Hollywood

Tarantino Explained

January 03, 2013

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Tarantino Explained

Quentin Tarantino’s Django Unchained is, among much else during its leisurely 165-minute running time, an adolescent male revenge fantasy about an omnipotent mass shooter wreaking carnage upon dozens of victims. I suspect the film would have appealed profoundly to the late Adam Lanza.

You might think that this wouldn’t be the best time for a quasi-comic daydream/bloodbath about a deadeye gunman who always fires first and is immune to the thousands of bullets shot at him. But the recent unpleasantness in Sandy Hook has gone almost unmentioned in the critical hosannas greeting Django…because, you see, the invulnerable hero is a black gunman shooting bad (i.e., Southern white) people.

It’s not much more complicated than that.

For example, in the The New York Times, the scholarly and mild-mannered A. O. Scott declares Django:

…a troubling and important movie about slavery and racism.

In the Wall Street Journal, Joe Morgenstern praises Tarantino’s latest shoot-’em-up as:

“What matters is white-on-white moral status striving. And in that eternal war, even Quentin Tarantino is a welcome recruit.”

Wildly extravagant, ferociously violent, ludicrously lurid and outrageously entertaining, yet also, remarkably, very much about the pernicious lunacy of racism and, yes, slavery’s singular horrors.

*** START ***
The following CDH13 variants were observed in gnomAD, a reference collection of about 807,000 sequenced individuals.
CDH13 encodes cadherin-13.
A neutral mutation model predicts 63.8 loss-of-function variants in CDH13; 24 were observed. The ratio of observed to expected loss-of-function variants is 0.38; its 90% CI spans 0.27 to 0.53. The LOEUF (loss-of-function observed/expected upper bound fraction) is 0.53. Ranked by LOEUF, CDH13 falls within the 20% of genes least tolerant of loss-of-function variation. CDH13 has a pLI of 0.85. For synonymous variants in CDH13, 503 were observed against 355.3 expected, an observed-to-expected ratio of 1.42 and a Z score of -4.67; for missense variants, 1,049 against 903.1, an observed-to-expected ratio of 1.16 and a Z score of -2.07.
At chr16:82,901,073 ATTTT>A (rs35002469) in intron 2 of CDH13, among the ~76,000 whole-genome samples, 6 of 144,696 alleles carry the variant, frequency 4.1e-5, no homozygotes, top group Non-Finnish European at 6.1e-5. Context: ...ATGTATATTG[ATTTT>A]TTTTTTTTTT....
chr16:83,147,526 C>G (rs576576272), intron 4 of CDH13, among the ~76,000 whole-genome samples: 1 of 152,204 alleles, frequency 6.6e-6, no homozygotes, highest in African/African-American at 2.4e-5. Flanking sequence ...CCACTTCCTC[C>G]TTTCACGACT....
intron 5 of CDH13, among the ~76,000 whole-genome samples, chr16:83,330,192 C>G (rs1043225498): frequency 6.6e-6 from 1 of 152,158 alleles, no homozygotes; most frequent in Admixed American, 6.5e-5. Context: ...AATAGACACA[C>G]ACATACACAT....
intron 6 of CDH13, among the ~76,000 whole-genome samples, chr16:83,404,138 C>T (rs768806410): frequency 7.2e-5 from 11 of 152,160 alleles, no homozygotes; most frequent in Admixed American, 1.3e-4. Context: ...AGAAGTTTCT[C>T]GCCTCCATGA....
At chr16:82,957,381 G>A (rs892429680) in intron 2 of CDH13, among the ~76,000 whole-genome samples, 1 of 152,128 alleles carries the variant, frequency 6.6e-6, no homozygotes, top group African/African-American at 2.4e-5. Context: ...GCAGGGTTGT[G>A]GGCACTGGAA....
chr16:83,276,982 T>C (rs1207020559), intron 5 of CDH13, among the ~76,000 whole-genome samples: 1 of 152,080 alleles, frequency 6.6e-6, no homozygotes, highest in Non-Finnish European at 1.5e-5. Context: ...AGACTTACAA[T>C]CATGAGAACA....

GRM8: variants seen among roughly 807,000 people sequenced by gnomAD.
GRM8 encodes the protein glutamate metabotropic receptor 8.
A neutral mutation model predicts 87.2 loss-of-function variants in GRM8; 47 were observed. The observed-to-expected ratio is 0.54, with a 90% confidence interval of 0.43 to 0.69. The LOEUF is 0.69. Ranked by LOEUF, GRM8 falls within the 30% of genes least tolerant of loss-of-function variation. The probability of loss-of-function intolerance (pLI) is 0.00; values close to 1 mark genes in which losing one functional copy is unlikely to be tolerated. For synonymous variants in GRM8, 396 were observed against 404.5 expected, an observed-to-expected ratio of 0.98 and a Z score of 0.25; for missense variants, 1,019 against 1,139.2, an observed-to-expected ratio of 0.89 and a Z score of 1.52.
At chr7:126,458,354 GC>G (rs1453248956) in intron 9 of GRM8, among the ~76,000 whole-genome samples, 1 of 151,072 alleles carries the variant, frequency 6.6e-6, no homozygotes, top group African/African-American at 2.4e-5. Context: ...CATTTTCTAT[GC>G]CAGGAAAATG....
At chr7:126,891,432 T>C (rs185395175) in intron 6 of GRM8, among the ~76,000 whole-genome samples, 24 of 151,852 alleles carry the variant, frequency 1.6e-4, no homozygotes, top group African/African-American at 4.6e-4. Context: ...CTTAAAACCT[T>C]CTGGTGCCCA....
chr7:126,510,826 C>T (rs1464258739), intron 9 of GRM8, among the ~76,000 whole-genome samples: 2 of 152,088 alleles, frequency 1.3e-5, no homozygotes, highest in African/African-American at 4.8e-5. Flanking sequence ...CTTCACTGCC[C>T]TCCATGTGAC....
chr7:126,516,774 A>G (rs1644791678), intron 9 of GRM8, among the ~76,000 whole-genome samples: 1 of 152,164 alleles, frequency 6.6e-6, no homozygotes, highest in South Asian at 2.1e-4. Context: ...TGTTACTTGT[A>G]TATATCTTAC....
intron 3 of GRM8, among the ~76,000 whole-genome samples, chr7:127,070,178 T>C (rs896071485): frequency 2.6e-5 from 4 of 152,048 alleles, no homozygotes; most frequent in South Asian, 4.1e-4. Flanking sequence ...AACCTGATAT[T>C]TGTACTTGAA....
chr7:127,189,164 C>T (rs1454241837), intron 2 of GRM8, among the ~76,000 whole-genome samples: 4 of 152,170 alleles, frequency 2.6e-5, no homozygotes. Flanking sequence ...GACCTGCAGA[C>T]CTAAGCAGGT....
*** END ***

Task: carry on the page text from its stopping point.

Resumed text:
According to Tarantino lore, the former video-store clerk is a dyslexic with a 160 IQ. It’s hard not to be amused by how easily this semi-literate junior high school-dropout dupes 21st-century intellectuals.

The reason Tarantino has had the time to watch so many bad movies is because he doesn’t like the written word. Most people of Tarantino’s intelligence discover that reading is a higher bandwidth way of finding out about the world than watching straight-to-video dreck. But the auteur’s learning disability has left him defensively proud that he’s ill informed about everything other than movies.

For example, Django begins with the title card “1858,” followed by the helpful explanation “Two years before the Civil War.” Presumably, one of Tarantino’s yes-men eventually got around to apprising him that the Civil War started in 1861, not 1860. But Tarantino is a geek, not a nerd, so he’s not going to change his screenplay just because some Poindexter looked something up on Wikipedia. If the year the Civil War began wasn’t mentioned in Mandingo, Quentin doesn’t want to know about it.

Similarly, slavery is a potentially fascinating topic, but to have something interesting to say about it would require Tarantino to read a book. And that was never going to happen.

Tarantino may not know how to spell, but he knows how you are supposed to think: solely in terms of Who? Whom? The only thing that matters anymore is whose side you are on.

Just as Tarantino is being praised today for empowering blacks by having them slaughter whites, he was praised for empowering Jews by having them slaughter Nazis in Inglourious Basterds and empowering women by having them slaughter men in Kill Bill.